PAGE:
The 42 baffling cases that prove we may never defeat coronavirus

Queensland has 42 untraceable cases of coronavirus which authorities cannot find an epidemiological link to. So what are the complexities of tracing the virus and could Queensland ever rid itself of it?

May 19, 2020, updated May 19, 2020
Australians are taking the vast sums they usually spend on foreign travel and seeding them into the domestic economy. (Photo: Array)

Australians are taking the vast sums they usually spend on foreign travel and seeding them into the domestic economy. (Photo: Array)

Queenslanders are being warned not to assume we have beaten coronavirus and “it is unlikely that we will, ever” despite a large drop in cases.

Chief Health Officer Dr Jeannette Young said 42 Queensland cases of COVID-19 have no traceable source, including an infected nurse working at a Rockhampton aged care facility.

“These are the cases that worry me,” Young said.

“This is why we cannot assume we have beaten this virus — we haven’t.

“It is unlikely that we will, ever.

“We’ll have to find ways of managing it and the hope of course is for a vaccine to assist us in that.”

Queensland has moved to stage one relaxation of restrictions with small groups of people allowed to dine at restaurants, cafes or pubs.

Young said the infected nurse was the only case in the past two weeks where an epidemiological link had not been established.

“We know we are getting cases out there in the community,” she said.

“We had more cases earlier on, when we were having those 60 cases a day where [we] couldn’t find epi links.”

Young warned people not to become complacent.

“If you have respiratory symptoms there’s every chance it is more likely due to COVID-19 than it is due to anything else,” she said.

“We do know that people can have asymptomatic disease — no symptoms at all — and can spread the virus.

“Townsville’s not had a case for quite a while [so] don’t think ‘I live in Townsville, therefore I don’t have to worry that that sore throat and that cough [means] that I’ve got COVID’, it could very easily be COVID.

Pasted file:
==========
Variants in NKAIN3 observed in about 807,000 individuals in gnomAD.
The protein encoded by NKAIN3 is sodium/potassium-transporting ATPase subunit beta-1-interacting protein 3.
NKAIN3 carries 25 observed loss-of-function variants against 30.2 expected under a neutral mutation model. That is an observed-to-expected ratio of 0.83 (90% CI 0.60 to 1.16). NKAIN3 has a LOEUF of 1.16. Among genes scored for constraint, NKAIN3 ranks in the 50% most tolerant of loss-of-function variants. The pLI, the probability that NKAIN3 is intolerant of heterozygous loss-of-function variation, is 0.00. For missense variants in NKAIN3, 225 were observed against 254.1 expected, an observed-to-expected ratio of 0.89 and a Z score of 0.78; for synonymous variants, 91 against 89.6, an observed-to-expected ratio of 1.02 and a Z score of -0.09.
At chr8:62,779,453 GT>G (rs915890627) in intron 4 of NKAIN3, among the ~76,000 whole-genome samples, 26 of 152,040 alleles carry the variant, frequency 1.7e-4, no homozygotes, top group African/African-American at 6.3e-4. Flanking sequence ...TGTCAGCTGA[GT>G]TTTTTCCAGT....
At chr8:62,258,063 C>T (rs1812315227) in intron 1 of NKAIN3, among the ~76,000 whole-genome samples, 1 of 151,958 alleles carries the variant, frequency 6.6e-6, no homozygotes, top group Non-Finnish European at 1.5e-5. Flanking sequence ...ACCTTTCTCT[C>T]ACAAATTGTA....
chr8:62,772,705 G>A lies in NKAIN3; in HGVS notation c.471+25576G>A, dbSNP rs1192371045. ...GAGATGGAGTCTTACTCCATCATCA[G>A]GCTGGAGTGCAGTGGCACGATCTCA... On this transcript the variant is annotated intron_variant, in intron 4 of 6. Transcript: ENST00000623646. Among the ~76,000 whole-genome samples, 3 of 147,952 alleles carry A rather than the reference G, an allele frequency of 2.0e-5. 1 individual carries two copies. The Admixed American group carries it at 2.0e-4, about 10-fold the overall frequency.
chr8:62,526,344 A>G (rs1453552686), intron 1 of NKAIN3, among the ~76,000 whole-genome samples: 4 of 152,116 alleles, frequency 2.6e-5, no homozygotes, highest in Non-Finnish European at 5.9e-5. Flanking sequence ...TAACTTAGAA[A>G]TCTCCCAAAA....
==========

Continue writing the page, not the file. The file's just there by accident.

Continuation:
“In actual fact, we have possibly got more respiratory disease in our state at the moment due to COVID-19 than we do due to flu.”

Authorities have urged anyone in the state to get tested for even the mildest symptoms of cold or flu.

Finding an epi link ‘a moving feast’

University of Melbourne epidemiologist and public health medicine specialist, Professor Tony Blakely said an epidemiological link was tracing how someone contracted the virus.

“An epi link in the context of COVID is whereby if a case occurs you can track back from that case to where they got the infection from,” Blakely said.

“In contrast to that, a non-linked one, or one that just occurs, you can’t find out where they got the virus from.”

The Australian Department of Health says an epidemiological link can be established when two factors are at play.

The first is contact between two people when one of them is likely to be infectious and the other has an illness that started within the incubation period after this contact.

The second factor is when at least one case in the chain of epidemiologically linked cases (which may involve many cases) is laboratory confirmed.

Blakely said going back through confirmed coronavirus cases to establish an epi link was a complex process.

“On average it takes about five or seven days for somebody to incubate the virus, so the further back in time [you go], the more steps you have to go back,” he said.

“But that’s an average — some people may take up to two weeks to incubate the virus, for example.

“It depends on the number of people they’ve seen, because the fewer they’ve seen the easier it is to contact trace.

“It really is a moving feast.”

Community transmission could be eliminated

Blakely said Queensland was not in a bad position if it only had one untraceable case of COVID-19 in the past fortnight.

“It’s a concern but it’s nowhere near as bad as some other places with more of those cases occurring in the last two weeks,” he said.

“It is still possible if Queensland keeps its borders really locked, and goes really hard on contact tracing that maybe they’ll get rid of all the community transmission.

“What you can say with some confidence is in places where you’ve still got community transmission and you’re opening up, you’re going out more, you’ve got bigger group size meetings, [the] chance of that community transmission taking off is real.

“What happens in Queensland, only time will tell.”

Queensland Premier Annastacia Palaszczuk said the state’s border with New South Wales could remain closed until at least September.

– ABC / Kerrin Binnie and Rachel Riga

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